PORT ANGELES — A unanimous Port Angeles City Council has voted to support the present Olympic Discovery Trail.
The seven-member council voted Tuesday to adopt a resolution that states the city will “prioritize the improvements, repairs and maintenance” of the existing trail between City Pier and Morse Creek.
The three-page resolution was revised by council action to incorporate changes suggested by Peninsula Trails Coalition President Jeff Bohman and City Manager Nathan West.
“I have a feeling this is a very important moment for the trail, and we’re very excited now to turn our attention to talking care of the trail and working closely with the city,” Bohman said in a Wednesday interview.
The 4.5-mile Port Angeles Waterfront Trail from City Pier to Morse Creek is an iconic segment of the Olympic Discovery Trail, which will eventually connect Port Townsend to La Push.
The city’s delayed maintenance of the trail after 2019-20 winter storms — and a council-approved plan for a Gales Addition Connector between Ennis and Morse creeks — dominated public comment periods on June 1, June 15 and Tuesday.
Eighteen speakers in Tuesday’s meeting, many of whom left voicemail messages, supported the Peninsula Trails Coalition’s call for improved maintenance of the waterfront trail.
Many urged the council to shelve plans for the renamed upland route that would be used as an alternative — not as a replacement — to the existing trail.
Trail advocates say more maintenance is needed to address bluff erosion and poor drainage along the trail between mileposts 3 and 4.
The city owns and maintains the entire stretch of trail between City Pier and Morse Creek that was built atop a historic railroad grade between the bluff and Port Angeles Harbor.
Bohman asked the City Council to clarify the city’s timeline for urgent repairs to certain trail sections.
He and others suggested that trail maintenance be moved from the auspices of the Parks and Recreation Department to Public Works and Utilities.
“It’s just a common sense thing that needs to be done,” said Rich James, PTC board member and retired Clallam County transportation program manager.
“The trail is a transportation corridor,” James added during public comment Tuesday.
“It has all the characteristics of a road. It’s a road for bicycles. It’s Highway 101 for bicycles. Public Works should be managing it.”
The Peninsula Trails Coalition supports 14 federal, state, county, city and tribal jurisdictions that are responsible for various segments of the 135-mile Olympic Discovery Trail.
“Our immediate concern is taking care of some important repair work before the winter hits,” Bohman said Wednesday.
“The resolution doesn’t quite provide a level of detailed instruction that we had suggested, but we’re comfortable with the commitments.”
Prior to the meeting, council member Mike French worked with the trails coalition and suggested a draft resolution to clarify the council’s support for the waterfront trail.
“I’m happy that we’ve made progress, and the next step will be taking a close look at the contract that will come to the City Council in August to ensure that we take care of the trail before the winter storm season,” French said in a Wednesday email.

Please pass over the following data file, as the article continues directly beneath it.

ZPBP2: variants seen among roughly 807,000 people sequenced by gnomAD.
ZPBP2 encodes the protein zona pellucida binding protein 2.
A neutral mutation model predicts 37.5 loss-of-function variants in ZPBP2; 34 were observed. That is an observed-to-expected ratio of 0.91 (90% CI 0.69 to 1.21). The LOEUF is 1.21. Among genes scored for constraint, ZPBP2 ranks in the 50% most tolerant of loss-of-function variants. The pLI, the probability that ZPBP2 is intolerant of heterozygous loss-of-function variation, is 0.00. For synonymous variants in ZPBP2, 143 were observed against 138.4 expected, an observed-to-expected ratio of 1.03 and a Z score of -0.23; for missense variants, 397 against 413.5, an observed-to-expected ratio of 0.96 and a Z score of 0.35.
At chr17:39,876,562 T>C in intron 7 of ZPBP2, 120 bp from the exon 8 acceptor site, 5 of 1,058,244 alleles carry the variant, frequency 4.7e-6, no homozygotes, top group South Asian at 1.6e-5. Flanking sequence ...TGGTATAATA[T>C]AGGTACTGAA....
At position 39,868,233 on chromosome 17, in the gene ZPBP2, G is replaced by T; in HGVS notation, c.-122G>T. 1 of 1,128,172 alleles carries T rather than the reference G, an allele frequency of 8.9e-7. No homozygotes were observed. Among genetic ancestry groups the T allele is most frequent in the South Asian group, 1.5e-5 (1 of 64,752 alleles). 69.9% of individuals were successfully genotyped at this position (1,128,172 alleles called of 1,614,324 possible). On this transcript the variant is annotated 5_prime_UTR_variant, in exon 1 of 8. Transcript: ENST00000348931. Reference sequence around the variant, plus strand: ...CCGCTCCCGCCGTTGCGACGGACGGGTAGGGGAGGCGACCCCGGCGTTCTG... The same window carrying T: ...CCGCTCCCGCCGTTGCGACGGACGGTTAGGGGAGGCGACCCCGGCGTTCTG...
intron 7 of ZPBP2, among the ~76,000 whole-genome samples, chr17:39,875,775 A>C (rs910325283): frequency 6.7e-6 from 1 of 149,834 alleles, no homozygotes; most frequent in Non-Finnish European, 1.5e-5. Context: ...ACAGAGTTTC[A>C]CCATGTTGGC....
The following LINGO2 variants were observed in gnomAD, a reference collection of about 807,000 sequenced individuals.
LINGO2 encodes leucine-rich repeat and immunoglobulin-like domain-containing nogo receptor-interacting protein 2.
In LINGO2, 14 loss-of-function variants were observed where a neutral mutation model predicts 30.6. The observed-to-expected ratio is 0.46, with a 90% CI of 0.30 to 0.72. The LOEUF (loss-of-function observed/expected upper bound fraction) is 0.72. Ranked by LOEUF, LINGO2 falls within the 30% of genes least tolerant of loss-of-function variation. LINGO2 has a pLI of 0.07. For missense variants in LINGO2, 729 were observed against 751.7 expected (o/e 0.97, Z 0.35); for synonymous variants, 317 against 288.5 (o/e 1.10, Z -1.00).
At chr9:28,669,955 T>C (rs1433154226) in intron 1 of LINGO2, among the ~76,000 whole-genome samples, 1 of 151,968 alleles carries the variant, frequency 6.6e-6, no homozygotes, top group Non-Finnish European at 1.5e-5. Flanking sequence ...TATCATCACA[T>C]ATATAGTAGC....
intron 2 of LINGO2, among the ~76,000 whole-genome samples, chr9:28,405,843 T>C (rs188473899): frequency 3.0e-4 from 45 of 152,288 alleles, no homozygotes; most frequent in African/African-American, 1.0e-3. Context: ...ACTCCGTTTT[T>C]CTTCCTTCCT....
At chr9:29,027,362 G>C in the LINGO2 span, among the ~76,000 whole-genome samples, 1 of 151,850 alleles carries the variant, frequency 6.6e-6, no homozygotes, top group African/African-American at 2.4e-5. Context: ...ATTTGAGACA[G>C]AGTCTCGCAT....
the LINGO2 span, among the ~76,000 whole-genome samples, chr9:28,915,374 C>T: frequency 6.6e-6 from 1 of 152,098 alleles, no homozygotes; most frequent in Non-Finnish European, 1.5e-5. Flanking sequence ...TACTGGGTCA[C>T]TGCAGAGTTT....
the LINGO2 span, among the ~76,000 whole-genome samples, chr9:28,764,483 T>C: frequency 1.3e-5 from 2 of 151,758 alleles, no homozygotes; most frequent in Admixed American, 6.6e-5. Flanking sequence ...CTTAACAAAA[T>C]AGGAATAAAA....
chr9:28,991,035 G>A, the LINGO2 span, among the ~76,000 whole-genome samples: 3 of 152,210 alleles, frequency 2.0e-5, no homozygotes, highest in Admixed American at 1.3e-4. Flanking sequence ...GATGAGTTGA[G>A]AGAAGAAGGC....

The resolution begins on Page 74 of the City Council packet. Click on www.cityofpa.us/DocumentCenter/View/10524/Agenda-Packet-07062021.
The final version of the resolution contains several edits and typographical revisions suggested by Bohman and West.
The waterfront trail section of the ODT recorded 382,000 trips in 2020. It brings in more than $2 million annually to the local economy though tourism and events like the North Olympic Discovery Marathon, the resolution states.
The City Council has budgeted $600,000 for trail repairs in the next five years.
French delivered the PTC draft resolution to city staff, who incorporated language into the city’s resolution.
“We really should celebrate all of the ways that we are on the same page and the progress that we have made,” French said in the Tuesday meeting.
“But there are some meaningful places where the two drafts diverge.”
French said the two drafts diverged on specificity, timelines and maintenance responsibility.
The council could not reach a consensus on which department should have primary responsibility for trail maintenance.
The resolution identifies the departments of Community and Economic Development, Finance, Parks and Recreation and Public Works and Utilities as each having roles in trail improvements, repairs and maintenance.
“Us saying what department this belongs in feels like micromanagement and outside of the scope of our work,” Mayor Kate Dexter said during a lengthy council debate.
Parks Director Corey Delikat defended his department’s record of trail maintenance.
“My crew does an outstanding job maintaining the trail, and I’ve heard a lot of things that are kind of false over the last three weeks,” Delikat said in the virtual meeting.
The parks department had recently cleared three culverts along the trail and works closely with the city’s streets and water divisions on trail maintenance projects, Delikat said.
“The reason why it took so long for us to get down there and do the ditching is because it is summertime, and that’s the only time that we can do this,” Delikat said.
“We don’t want our crews down there in the wintertime against a hillside when we could have slides coming down.
“I felt like our staff has been really thrown under the bus for no particular reason, I just want to make those comments,” Delikat added.
To assuage concerns about which department will be in charge of the trail, West offered to provide an outline of the city’s maintenance responsibilities in a future council meeting.
“I think it would be a really wonderful compromise,” Deputy Mayor Navarra Carr said.
Reporter Rob Ollikainen can be reached at [email protected].